The Time of the Wolf Review
By Christopher Null
What is it about French filmmakers and the word "wolf?" This is the second French film in three years to ostensibly cover the lupine species... even though it doesn't really.
Director Michael Haneke (The Piano Teacher) offers a tantalizing setup this go-round, yet he ultimately does nothing with it. Here's the gist: A family arrives at their vacation house under suspicious (and weirdly hazy) circumstances, only to find squatters living inside. Soon Haneke reveals that some (unexplained) apocalyptic event has transpired, scattering people across the countryside. What happens when people try to survive a nuclear winter (or thereabouts)? Does soceity break down or does it rebuild?
Haneke wants to answer these questions, but his tack to getting there is completely wrong. While whetting our appetite with a rich setup, his attempt to generate strife among the characters is sadly misguided. Petty thefts and squatters rights comprise the bulk of Wolf's dialogues. Star Isabelle Huppert spends a good ten minutes walking around in search of her son, who's simply wandered away. Does nuclear aftermath have to be this boring? I found the amateurish The Last Man to be deeper than this flick, despite all the Euro-postering and quasi-philosophical rants.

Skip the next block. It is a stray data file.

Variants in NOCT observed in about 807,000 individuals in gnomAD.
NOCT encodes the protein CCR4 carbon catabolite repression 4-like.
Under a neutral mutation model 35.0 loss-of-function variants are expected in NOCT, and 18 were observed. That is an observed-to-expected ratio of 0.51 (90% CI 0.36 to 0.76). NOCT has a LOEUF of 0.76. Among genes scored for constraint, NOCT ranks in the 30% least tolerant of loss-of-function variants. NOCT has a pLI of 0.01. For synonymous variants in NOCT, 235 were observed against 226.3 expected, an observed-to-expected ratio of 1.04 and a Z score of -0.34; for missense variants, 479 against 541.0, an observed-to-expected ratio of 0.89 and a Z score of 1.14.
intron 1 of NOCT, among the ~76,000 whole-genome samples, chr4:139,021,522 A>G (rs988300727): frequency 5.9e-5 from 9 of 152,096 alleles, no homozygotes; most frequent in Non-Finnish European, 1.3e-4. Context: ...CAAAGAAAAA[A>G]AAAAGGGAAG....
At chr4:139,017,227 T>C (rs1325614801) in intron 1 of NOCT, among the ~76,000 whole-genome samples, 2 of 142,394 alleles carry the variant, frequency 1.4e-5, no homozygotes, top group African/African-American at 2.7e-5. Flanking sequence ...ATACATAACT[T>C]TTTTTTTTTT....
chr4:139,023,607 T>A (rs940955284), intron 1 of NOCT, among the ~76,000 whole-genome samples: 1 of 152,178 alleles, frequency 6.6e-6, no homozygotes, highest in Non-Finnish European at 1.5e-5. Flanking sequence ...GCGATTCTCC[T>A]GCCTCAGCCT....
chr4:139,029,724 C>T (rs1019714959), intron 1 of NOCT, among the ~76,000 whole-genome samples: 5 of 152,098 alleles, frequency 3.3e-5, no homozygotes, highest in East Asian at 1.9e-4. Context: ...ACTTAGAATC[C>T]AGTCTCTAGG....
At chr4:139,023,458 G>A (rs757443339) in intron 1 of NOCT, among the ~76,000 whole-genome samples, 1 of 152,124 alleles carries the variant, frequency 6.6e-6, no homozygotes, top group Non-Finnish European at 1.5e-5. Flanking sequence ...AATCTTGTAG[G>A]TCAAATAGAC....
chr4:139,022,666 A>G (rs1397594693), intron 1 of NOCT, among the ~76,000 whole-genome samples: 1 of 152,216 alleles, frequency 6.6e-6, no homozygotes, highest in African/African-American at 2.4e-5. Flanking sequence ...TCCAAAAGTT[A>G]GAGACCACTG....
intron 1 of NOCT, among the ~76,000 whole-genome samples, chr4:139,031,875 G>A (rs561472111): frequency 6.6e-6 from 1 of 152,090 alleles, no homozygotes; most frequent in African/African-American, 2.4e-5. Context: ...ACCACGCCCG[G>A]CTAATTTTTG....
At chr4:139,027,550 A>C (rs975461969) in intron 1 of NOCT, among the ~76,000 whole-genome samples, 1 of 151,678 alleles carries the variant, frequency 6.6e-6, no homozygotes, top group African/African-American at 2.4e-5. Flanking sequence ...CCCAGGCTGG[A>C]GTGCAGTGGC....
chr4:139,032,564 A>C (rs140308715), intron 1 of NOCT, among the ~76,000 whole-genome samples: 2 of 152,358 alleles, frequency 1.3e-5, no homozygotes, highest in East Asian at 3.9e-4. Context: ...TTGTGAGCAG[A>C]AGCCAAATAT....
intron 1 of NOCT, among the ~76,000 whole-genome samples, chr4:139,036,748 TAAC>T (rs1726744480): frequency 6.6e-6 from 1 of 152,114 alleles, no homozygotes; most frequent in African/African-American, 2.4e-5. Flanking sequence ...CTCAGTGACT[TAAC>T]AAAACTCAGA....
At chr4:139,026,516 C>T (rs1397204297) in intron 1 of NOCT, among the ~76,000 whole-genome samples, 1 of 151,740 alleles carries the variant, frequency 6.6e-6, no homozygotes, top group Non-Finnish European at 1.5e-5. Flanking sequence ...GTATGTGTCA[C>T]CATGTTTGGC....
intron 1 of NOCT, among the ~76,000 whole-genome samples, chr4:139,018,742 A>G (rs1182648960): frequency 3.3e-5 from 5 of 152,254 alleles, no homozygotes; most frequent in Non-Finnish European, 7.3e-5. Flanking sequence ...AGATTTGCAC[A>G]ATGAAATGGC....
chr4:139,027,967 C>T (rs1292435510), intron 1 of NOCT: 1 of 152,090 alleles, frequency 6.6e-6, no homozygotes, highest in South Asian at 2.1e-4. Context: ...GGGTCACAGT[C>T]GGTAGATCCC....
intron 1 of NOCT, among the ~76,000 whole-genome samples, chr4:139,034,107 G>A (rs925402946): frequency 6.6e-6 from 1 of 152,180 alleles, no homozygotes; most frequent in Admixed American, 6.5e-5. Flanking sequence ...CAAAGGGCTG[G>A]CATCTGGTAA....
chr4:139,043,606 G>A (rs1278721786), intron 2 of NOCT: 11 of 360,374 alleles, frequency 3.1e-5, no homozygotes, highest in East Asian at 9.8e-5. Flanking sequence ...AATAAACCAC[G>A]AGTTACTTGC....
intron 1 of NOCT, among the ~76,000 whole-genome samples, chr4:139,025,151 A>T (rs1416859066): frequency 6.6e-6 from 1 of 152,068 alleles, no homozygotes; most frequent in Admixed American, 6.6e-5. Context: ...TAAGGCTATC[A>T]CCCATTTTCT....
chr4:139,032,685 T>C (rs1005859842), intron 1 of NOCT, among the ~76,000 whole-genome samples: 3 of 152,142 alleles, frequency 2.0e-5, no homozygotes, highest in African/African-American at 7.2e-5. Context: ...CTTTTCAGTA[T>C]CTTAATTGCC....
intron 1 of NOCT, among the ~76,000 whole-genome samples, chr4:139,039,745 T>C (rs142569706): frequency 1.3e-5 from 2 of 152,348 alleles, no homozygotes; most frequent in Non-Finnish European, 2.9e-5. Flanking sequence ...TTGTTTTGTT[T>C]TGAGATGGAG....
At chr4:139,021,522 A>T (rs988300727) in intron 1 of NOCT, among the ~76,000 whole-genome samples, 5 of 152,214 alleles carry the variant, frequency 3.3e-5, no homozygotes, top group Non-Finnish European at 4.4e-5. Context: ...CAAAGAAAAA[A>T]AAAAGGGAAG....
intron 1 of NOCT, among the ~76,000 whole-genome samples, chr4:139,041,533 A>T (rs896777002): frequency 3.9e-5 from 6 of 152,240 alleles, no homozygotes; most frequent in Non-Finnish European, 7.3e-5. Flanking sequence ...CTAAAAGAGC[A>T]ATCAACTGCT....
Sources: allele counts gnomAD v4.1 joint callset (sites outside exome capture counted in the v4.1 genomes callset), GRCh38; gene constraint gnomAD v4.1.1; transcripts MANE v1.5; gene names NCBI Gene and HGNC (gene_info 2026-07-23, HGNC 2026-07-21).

Still, The Time of the Wolf is artfully made and occasionally foreboding, to the point where it does keep your interest for short stretches at a time. Alas, no wolves ever show up.
Aka Le Temps du loup.
Facts and Figures
In Theaters: Saturday 21st June 1986
Cast & Crew